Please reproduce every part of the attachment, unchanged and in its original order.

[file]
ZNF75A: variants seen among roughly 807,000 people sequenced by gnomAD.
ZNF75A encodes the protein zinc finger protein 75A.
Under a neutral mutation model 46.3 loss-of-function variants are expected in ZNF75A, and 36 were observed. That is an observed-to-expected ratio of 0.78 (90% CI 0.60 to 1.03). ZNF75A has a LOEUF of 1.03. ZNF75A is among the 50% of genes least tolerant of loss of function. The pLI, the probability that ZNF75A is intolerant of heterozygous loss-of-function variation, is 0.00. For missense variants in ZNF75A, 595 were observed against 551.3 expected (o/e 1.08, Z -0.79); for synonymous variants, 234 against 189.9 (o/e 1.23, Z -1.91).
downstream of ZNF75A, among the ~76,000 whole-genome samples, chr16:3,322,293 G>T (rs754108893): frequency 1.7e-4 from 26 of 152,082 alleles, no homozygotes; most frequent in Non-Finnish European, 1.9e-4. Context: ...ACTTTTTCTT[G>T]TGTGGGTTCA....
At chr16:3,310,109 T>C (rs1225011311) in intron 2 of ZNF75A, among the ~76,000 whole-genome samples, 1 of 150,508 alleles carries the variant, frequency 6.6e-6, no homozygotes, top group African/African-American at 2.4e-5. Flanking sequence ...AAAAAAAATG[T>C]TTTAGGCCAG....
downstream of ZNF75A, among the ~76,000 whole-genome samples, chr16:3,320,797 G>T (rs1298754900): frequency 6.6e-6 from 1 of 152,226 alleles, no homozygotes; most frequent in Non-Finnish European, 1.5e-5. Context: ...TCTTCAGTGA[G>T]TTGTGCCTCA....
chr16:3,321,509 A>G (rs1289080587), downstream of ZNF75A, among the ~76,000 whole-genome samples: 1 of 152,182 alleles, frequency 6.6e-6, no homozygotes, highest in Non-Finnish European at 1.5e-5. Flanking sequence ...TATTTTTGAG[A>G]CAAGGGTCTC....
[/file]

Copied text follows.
ZNF75A: variants seen among roughly 807,000 people sequenced by gnomAD.
ZNF75A encodes the protein zinc finger protein 75A.
Under a neutral mutation model 46.3 loss-of-function variants are expected in ZNF75A, and 36 were observed. That is an observed-to-expected ratio of 0.78 (90% CI 0.60 to 1.03). ZNF75A has a LOEUF of 1.03. ZNF75A is among the 50% of genes least tolerant of loss of function. The pLI, the probability that ZNF75A is intolerant of heterozygous loss-of-function variation, is 0.00. For missense variants in ZNF75A, 595 were observed against 551.3 expected (o/e 1.08, Z -0.79); for synonymous variants, 234 against 189.9 (o/e 1.23, Z -1.91).
downstream of ZNF75A, among the ~76,000 whole-genome samples, chr16:3,322,293 G>T (rs754108893): frequency 1.7e-4 from 26 of 152,082 alleles, no homozygotes; most frequent in Non-Finnish European, 1.9e-4. Context: ...ACTTTTTCTT[G>T]TGTGGGTTCA....
At chr16:3,310,109 T>C (rs1225011311) in intron 2 of ZNF75A, among the ~76,000 whole-genome samples, 1 of 150,508 alleles carries the variant, frequency 6.6e-6, no homozygotes, top group African/African-American at 2.4e-5. Flanking sequence ...AAAAAAAATG[T>C]TTTAGGCCAG....
downstream of ZNF75A, among the ~76,000 whole-genome samples, chr16:3,320,797 G>T (rs1298754900): frequency 6.6e-6 from 1 of 152,226 alleles, no homozygotes; most frequent in Non-Finnish European, 1.5e-5. Context: ...TCTTCAGTGA[G>T]TTGTGCCTCA....
chr16:3,321,509 A>G (rs1289080587), downstream of ZNF75A, among the ~76,000 whole-genome samples: 1 of 152,182 alleles, frequency 6.6e-6, no homozygotes, highest in Non-Finnish European at 1.5e-5. Flanking sequence ...TATTTTTGAG[A>G]CAAGGGTCTC....